There are emotional and mental interruptions to accomplishing what you want to do. We've used the terms stink and thinking before but there's a lot of it in the environment. You said it in the intro where you get by the water cooler. We all know that person that finds it a sport to talk about how bad interest rates and the housing inventory is, how challenging the tough loans are and every possible challenge and issue in life. By the time you're done with them, they feel great because they've unloaded. You feel like you want to jump off a bridge and crawl under the covers. You have to be mindful to tackle difficult things.

You have to surround yourself with positive reinforcement, people that can encourage you, things that can encourage you and eliminate, slow down or reduce some of that drip of negativity. For me, the trigger is social media and news. I find that I can only take a small diet of it daily because it tends to bring me down when I see that.

Be mindful about tackling difficult things. Surround yourself with positive reinforcement and with people that can encourage you to reduce that drip of negativity.

That's my thing. Each person has to understand what can hijack them from being focused and accomplished and being somebody willing to tackle difficult things and get there without coming at terrible costs, being frustrated and hating the experience. It's about quieting some of that negativity.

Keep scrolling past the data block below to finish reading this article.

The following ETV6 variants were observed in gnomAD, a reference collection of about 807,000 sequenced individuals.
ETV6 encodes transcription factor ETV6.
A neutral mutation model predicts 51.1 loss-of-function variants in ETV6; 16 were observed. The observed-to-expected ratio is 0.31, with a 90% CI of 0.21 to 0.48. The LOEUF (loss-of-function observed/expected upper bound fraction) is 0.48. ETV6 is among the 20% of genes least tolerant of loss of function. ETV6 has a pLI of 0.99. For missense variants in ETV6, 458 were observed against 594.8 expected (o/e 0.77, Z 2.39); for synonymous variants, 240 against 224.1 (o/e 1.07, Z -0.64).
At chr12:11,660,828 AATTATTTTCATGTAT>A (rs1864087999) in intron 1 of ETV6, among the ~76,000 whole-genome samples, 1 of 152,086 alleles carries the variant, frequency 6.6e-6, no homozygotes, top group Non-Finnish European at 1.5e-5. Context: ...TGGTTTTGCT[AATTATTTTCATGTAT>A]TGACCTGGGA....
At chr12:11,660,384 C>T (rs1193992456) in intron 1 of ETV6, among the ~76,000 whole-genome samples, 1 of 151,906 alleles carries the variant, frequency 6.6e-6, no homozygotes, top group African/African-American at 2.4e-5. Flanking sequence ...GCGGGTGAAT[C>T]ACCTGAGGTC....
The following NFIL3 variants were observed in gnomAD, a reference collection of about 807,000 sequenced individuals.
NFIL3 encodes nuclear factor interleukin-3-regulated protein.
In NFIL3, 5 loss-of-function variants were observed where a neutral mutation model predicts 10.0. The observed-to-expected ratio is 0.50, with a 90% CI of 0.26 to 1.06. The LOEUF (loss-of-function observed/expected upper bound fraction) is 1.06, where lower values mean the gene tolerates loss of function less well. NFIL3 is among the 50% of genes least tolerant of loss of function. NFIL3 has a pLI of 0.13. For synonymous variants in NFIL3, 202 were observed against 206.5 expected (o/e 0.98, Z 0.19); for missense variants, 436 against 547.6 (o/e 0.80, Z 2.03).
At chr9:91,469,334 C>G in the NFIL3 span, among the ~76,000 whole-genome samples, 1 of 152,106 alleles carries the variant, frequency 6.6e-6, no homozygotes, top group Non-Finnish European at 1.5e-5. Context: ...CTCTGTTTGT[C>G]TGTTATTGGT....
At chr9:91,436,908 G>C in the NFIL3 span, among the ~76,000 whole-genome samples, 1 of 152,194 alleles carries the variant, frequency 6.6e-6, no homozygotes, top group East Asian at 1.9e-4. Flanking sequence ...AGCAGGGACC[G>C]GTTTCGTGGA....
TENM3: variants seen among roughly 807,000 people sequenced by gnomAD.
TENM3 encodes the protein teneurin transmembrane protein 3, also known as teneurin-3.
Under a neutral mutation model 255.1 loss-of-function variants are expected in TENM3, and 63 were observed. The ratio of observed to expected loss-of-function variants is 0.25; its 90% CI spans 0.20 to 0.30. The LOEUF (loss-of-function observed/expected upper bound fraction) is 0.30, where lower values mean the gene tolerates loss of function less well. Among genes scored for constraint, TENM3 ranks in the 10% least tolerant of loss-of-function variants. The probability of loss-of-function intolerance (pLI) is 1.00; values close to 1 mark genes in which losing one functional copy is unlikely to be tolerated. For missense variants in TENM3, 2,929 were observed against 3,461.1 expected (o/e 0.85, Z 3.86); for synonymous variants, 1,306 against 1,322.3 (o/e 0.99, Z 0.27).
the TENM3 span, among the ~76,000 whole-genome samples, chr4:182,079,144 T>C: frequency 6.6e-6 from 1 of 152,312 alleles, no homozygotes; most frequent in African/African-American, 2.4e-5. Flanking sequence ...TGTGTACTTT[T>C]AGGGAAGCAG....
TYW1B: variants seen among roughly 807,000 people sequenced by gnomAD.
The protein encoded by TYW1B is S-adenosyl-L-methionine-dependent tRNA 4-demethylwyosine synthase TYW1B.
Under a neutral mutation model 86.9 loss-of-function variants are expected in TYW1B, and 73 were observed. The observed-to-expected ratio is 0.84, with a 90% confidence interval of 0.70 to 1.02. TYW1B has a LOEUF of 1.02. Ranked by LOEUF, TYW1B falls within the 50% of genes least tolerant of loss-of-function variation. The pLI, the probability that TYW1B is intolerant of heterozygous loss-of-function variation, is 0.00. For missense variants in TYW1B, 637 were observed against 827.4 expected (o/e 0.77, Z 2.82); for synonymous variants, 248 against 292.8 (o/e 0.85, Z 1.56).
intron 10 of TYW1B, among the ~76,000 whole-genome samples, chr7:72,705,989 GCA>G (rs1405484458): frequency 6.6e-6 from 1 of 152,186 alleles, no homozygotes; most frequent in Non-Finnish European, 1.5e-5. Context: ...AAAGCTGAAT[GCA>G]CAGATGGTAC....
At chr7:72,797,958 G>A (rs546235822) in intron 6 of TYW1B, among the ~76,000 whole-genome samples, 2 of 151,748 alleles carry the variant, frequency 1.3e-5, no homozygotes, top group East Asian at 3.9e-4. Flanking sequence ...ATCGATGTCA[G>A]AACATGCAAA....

As I listen to that, I wonder about the addiction to social media. I call it that not lightly. I understand the word addiction is not something people like to hear but that's pervasive. There might even be people that listen to that and go, “If you limit that and stuff, are you burying your head in the sand?” If you're limiting news and social media, is that a function of you burying your head in the sand? What do you say to that?

Everything I ever learned or confirmed was from running a race. The analogy again in running is if I train for a marathon and I'm doing some hard, long runs and my pace is a nine-minute pace, I'm exhausted after I'm done. The fun fact to know and tell when you run a race with 20,000 people and you don't run 20 miles, you run 26.2.

My pace wasn't nine minutes a mile. It was eight minutes a mile. You go, “How did you do that?” When you race with 20,000 people, your race pace will be about a mile per minute faster than your hard, long runs. If I surround myself with like-minded, positive can-do, struggling it, trying to get to that finish line, all have the same goal and objective, the inspiration makes me run faster than if I'm there by myself or I've got someone else honking the horn at me saying, “Don't cross the road.”